By Blessing Chinwendu Nwankwo
Hair plays a major role in how people look. And especially for black women, having our hair create a special look for us is one of the many perks of being African. Textured in different ways, our hair gives us the chance to explore options, and although there is still discrimination against “black hair” in a few parts of the world, it is refreshing how black women are beginning to own their image and wear their hair like a crown, both figuratively and literally. The beauty of the Afro-style was seen when Zendaya, at the Instyle Awards red carpet in 2017, came in an Afro to promote her African roots, acknowledging the influence of her aunties as well as Angela Davis. Also, at the Beautycon festival in 2018, she emphasised that colourism within the beauty and entertainment industries needed to end.
“As a light-skinned black woman it’s important that I’m using my privilege, my platform, to show you how much beauty there is in the African-American community,” she was quoted to say. She also noted that she was “Hollywood’s acceptable version of a black girl.”
Fashion is dominant, and Beyoncé makes this clear when she treats our eyes to the sights of rich African cultures and styles in her Black is King album. The hairstyles featured in her album trace back to ancient and traditional styles from Africans. The styles are a celebration of the royal past of Africans, and the restoration of the future to come. Beyoncé honours the Zulus with a feature of the Bantu Knots, and wore the braided crown inspired by the Mangbetu people of Eastern Congo.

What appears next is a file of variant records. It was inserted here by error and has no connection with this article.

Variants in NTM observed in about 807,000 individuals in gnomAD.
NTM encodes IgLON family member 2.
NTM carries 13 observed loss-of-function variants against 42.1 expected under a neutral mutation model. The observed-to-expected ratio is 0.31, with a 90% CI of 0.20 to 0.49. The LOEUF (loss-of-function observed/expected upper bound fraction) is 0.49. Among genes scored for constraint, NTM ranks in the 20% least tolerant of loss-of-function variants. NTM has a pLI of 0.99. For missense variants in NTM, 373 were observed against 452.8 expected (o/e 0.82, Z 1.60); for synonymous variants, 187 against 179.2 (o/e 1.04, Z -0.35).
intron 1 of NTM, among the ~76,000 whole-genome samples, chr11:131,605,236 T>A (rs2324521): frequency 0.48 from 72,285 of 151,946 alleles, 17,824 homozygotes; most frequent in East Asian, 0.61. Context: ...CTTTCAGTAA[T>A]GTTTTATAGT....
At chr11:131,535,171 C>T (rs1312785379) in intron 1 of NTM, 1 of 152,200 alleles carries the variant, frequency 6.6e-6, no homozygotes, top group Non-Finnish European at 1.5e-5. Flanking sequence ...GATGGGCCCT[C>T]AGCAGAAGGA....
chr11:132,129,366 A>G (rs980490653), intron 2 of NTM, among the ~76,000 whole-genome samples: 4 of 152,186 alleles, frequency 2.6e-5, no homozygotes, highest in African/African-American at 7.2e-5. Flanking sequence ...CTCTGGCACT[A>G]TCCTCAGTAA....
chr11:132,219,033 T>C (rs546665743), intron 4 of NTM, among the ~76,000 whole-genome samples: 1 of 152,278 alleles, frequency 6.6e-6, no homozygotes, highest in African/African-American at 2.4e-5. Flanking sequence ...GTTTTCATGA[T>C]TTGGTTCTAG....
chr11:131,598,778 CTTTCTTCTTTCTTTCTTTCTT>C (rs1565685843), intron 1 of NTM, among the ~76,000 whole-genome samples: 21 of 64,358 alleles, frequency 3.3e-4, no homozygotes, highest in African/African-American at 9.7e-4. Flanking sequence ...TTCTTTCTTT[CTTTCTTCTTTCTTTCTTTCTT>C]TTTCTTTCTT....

In 2021, during her Savage X Fenty fashion show, although this brought up criticisms of cultural appropriation, Rihanna styled in braids all the models walking the runway, including non-black models like Emily Ratajkowski and Vanessa Hudgens.
For African natives, hair wasn’t just about beauty or styling, but drove deeper to a spiritual path. This is discussed in detail by writer Erin Blakemore in her article, “A Guide to Ancient Magic,” where she discussed in detail the truth about magic and the spiritual elements usable to perform or activate the magic. These spiritual elements include amulets, bones, curse dolls and hair. Being a detachable part of the body, the tiniest strand of hair is a powerful source of connection to its carrier.
However, most of these beliefs and styles have evolved, and like circles, most of them have resurfaced with little to no extensive modifications, although not totally in the same line as their ancient origin.
Afrocritik brings you ten African hairstyles that have found their way back to contemporary hair culture in every part of the world.
Dreadlocks can be found in many African cultures, but mostly amongst the Jamaicans. Most historians are of the belief that the locs originated in Egypt because Egypt holds the first archaeological evidence of locs. However, many others believe that as early as 2500 BC, locs had been sighted and recorded by the ancient Indian scripture known as the “Vedic scripture.” According to the scripture, the deity “Shiva” was wearing jataa, a matted or twisted lock of hair. The style was later claimed by a group of Jamaicans known as the “Rastas,” and although the people saw it as unfit and vulgar, it soon became an identity.